Now is the time to review your nutrition game plan for the day of the race. Early in the week, make sure that you have enough of all nutrition essentials that you plan to consume during the event or race, such as sports drinks, energy gels and bars, and, if appropriate, foods and electrolyte (salt) tablets that have previously passed the test in training. Double-check that any equipment that you plan to use, such as hip packs or bum bags, bladder hydration systems, and gel flasks, is in good working order. Gather and prepare your sports foods and equipment (as well as a recovery drink or bar and food for afterward) no later than the night before. If feasible, fill drink bottles (or another hydration system) the night before so that you can just grab them in the morning (and so that during warm weather you can freeze bottles beforehand).
When it comes to eating the night before a long-distance race, rest assured that no magical or preferred prerace dinner exists. The only rule is to stick with familiar foods that you enjoy. This is not the time to be adventurous because you want to avoid making late-night trips to the bathroom. Although you most likely know to feature carbohydrate-rich foods like pasta, rice, and potatoes, keep in mind that endurance athletes have competed successfully after eating all kinds of foods, including pizza, steak, and Mexican food! (For carbohydrate-rich meal ideas, see chapter 4.)
Stuffing yourself with carbohydrate isn’t necessary at this time. In other words, don’t feel obligated to get your money’s worth at the traditional prerace pasta feed. (Serious competitors, in fact, may do well to avoid eating in public places with crowds.) Don’t be afraid to include reasonable-sized portions of meat or other protein-rich foods as well as some fat at this meal. These foods have staying power and can help you sleep through the night. Most athletes do fine having a glass of wine or a beer if it’s part of their regular routine. Eat at a reasonable time for you, consume appropriate-sized portions, and know that eating again before bedtime (for example, a carbohydrate-rich snack such as milk and cereal or an energy bar) is more productive than stuffing yourself now.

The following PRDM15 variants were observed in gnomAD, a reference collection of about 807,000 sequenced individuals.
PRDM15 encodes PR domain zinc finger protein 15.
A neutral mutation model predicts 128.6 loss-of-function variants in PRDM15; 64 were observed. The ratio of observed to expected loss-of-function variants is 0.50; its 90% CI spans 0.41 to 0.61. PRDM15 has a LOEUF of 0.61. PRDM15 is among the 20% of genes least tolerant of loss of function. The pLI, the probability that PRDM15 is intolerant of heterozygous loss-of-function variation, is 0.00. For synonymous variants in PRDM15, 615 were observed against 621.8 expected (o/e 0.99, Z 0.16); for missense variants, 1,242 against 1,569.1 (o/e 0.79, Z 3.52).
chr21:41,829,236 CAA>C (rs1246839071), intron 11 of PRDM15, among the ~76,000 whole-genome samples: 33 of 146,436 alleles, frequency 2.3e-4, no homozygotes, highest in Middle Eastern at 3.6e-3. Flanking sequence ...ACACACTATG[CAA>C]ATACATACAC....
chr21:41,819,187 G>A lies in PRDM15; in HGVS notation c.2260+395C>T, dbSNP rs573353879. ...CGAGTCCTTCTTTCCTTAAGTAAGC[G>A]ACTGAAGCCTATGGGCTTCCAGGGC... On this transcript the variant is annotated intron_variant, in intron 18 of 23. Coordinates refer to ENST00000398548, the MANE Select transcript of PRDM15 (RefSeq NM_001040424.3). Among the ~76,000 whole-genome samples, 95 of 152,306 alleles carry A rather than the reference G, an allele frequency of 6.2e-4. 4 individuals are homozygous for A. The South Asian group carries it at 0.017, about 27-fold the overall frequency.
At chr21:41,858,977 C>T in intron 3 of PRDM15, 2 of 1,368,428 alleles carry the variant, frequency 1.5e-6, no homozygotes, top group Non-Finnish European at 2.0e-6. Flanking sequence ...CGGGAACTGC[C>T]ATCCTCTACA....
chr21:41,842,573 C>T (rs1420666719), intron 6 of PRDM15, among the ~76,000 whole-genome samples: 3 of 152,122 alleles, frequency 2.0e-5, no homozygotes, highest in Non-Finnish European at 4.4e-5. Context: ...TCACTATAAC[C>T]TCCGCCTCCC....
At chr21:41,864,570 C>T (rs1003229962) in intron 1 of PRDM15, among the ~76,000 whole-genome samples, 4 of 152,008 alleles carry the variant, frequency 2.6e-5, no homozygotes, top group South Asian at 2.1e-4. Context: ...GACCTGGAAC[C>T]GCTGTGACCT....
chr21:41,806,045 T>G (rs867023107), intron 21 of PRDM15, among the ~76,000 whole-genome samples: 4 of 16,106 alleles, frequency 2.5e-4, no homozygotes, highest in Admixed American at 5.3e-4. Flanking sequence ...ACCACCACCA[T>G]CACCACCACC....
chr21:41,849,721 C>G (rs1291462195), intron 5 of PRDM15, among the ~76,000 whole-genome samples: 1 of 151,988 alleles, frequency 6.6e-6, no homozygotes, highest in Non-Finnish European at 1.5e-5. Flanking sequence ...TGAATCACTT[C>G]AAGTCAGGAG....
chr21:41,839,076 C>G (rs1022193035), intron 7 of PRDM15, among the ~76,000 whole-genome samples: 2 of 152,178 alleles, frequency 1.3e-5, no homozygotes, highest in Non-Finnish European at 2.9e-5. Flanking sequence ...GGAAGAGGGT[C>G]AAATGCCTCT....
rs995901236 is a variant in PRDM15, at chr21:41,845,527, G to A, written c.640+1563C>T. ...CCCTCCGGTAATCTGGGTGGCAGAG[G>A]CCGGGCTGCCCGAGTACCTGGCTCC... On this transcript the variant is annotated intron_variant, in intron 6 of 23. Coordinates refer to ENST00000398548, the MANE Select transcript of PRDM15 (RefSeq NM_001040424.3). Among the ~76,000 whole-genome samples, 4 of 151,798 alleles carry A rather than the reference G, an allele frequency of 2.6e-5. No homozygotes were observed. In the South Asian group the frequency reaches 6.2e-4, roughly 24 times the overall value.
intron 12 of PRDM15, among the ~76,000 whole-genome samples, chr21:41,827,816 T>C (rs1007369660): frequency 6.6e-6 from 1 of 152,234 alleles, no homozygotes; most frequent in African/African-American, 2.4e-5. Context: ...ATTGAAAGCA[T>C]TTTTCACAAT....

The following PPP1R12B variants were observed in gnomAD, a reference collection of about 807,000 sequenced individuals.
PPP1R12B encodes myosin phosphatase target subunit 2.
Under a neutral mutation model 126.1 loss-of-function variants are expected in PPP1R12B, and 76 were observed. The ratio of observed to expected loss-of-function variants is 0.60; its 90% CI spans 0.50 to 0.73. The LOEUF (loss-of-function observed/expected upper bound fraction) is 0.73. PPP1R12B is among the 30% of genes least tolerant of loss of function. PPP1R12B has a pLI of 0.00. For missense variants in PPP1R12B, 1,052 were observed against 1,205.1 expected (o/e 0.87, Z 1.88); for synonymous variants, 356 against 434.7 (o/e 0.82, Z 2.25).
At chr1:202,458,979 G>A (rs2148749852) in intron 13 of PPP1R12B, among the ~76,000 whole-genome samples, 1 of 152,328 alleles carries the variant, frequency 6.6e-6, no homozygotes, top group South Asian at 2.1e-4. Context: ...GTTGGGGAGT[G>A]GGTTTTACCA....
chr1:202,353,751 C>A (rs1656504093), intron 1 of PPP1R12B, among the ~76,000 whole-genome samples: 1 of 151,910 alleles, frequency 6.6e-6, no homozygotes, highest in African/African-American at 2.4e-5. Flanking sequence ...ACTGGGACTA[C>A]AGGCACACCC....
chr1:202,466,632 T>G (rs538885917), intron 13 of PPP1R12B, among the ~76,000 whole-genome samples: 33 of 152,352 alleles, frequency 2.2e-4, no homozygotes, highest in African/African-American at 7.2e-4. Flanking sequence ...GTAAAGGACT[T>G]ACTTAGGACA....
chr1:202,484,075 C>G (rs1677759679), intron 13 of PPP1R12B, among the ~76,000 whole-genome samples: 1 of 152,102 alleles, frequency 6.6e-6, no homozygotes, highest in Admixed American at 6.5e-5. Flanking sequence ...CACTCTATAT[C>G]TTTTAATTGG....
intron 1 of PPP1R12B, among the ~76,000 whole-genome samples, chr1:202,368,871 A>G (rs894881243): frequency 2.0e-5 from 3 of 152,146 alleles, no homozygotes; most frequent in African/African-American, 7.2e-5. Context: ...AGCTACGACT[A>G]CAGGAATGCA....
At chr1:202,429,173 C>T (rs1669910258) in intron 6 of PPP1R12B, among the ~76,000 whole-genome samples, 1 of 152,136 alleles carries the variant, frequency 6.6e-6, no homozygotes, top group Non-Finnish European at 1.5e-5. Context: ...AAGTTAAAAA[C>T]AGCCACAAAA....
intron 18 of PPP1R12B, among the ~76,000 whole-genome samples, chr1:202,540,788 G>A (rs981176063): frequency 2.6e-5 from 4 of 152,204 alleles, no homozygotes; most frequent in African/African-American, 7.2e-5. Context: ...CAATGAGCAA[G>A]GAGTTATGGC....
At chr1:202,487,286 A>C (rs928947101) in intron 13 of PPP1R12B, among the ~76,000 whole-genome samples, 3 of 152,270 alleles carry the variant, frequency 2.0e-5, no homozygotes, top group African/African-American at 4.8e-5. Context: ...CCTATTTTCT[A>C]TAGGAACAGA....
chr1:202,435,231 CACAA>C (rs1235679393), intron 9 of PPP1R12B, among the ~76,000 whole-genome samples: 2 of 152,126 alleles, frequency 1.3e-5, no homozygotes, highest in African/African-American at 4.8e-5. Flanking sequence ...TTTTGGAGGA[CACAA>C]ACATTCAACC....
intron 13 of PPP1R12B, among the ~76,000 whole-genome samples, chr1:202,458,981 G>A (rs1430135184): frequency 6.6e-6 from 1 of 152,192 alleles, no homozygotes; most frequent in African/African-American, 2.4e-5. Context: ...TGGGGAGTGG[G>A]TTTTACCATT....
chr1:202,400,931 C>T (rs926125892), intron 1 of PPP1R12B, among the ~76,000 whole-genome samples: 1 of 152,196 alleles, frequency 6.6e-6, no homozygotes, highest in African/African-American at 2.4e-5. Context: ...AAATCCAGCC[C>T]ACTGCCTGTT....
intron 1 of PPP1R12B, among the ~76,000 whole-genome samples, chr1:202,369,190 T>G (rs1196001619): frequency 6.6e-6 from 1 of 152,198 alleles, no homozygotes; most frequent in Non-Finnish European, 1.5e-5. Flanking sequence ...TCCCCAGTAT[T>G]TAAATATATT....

Some athletes become consumed with having the perfect prerace meal or eating exactly the same thing each time. Keep your stress level in check by becoming comfortable with eating a variety of foods at prerace meals, especially if you travel to races; otherwise, you waste precious mental energy that compromises your performance. The goal is to be open-minded and flexible, which translates into being able to eat as many different foods as possible. If you firmly believe that certain foods will enhance your performance, by all means, eat them!
Finally, remind yourself that your success the next day hinges on numerous factors, and that this last supper is only one of them. Focus your mental energy on how you plan to fuel yourself during the event or race. What you do (or don’t do) the next day, when you’re on the move for several hours, has a much greater effect on your stamina, your morale, and ultimately the outcome, than worrying about eating the perfect meal the night before.